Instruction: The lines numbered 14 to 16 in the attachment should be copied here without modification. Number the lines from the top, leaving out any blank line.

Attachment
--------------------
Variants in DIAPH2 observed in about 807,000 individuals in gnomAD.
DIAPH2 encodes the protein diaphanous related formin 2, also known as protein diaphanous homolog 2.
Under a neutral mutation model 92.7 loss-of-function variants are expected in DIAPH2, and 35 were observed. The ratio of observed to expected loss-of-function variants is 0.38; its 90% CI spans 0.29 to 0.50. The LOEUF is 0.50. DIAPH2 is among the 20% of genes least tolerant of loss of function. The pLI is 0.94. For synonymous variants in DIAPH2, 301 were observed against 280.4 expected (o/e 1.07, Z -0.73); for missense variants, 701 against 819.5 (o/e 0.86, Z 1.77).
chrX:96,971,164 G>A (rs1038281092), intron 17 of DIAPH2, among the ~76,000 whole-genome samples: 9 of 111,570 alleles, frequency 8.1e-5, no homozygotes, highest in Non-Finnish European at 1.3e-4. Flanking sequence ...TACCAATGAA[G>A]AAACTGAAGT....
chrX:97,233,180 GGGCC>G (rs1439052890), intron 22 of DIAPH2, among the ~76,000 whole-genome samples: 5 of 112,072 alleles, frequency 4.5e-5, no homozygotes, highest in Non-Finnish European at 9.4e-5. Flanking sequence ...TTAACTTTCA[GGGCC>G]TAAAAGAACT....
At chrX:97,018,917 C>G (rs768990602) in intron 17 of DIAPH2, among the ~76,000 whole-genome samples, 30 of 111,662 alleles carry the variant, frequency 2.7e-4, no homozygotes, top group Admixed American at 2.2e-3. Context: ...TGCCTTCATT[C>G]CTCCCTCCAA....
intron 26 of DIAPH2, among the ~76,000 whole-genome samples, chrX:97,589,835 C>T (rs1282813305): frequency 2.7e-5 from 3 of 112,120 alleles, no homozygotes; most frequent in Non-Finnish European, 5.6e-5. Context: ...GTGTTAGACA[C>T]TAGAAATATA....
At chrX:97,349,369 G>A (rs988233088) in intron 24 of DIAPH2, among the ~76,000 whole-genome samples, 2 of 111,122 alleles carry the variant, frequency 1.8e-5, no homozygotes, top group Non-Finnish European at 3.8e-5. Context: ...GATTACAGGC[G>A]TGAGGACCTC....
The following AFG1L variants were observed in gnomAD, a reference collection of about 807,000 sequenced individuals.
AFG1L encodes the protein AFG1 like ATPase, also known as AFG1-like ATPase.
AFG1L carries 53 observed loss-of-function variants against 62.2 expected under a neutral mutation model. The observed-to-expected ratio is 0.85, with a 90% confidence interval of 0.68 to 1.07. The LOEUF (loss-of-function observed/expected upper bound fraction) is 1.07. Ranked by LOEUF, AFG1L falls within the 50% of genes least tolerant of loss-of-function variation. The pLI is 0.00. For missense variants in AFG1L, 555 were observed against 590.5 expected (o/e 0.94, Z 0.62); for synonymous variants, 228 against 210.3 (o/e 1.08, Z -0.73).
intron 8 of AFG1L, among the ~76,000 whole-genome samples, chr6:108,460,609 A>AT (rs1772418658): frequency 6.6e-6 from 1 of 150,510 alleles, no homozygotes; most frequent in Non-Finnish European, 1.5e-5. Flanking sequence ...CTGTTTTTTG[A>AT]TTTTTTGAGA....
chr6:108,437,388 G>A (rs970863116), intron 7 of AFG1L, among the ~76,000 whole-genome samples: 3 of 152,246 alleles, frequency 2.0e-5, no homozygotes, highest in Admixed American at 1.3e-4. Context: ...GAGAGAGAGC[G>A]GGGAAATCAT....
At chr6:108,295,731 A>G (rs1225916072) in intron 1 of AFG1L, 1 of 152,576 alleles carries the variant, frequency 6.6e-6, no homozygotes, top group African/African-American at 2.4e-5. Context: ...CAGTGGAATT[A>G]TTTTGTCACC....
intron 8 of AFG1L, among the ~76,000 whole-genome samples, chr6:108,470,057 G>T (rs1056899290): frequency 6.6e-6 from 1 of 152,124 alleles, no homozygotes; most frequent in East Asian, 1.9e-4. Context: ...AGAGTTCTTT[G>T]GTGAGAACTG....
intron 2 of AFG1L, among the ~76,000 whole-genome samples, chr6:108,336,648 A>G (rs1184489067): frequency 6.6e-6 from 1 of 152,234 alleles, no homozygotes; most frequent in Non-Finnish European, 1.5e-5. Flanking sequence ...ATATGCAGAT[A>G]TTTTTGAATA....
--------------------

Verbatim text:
At chr6:108,295,731 A>G (rs1225916072) in intron 1 of AFG1L, 1 of 152,576 alleles carries the variant, frequency 6.6e-6, no homozygotes, top group African/African-American at 2.4e-5. Context: ...CAGTGGAATT[A>G]TTTTGTCACC....
intron 8 of AFG1L, among the ~76,000 whole-genome samples, chr6:108,470,057 G>T (rs1056899290): frequency 6.6e-6 from 1 of 152,124 alleles, no homozygotes; most frequent in East Asian, 1.9e-4. Context: ...AGAGTTCTTT[G>T]GTGAGAACTG....
intron 2 of AFG1L, among the ~76,000 whole-genome samples, chr6:108,336,648 A>G (rs1184489067): frequency 6.6e-6 from 1 of 152,234 alleles, no homozygotes; most frequent in Non-Finnish European, 1.5e-5. Flanking sequence ...ATATGCAGAT[A>G]TTTTTGAATA....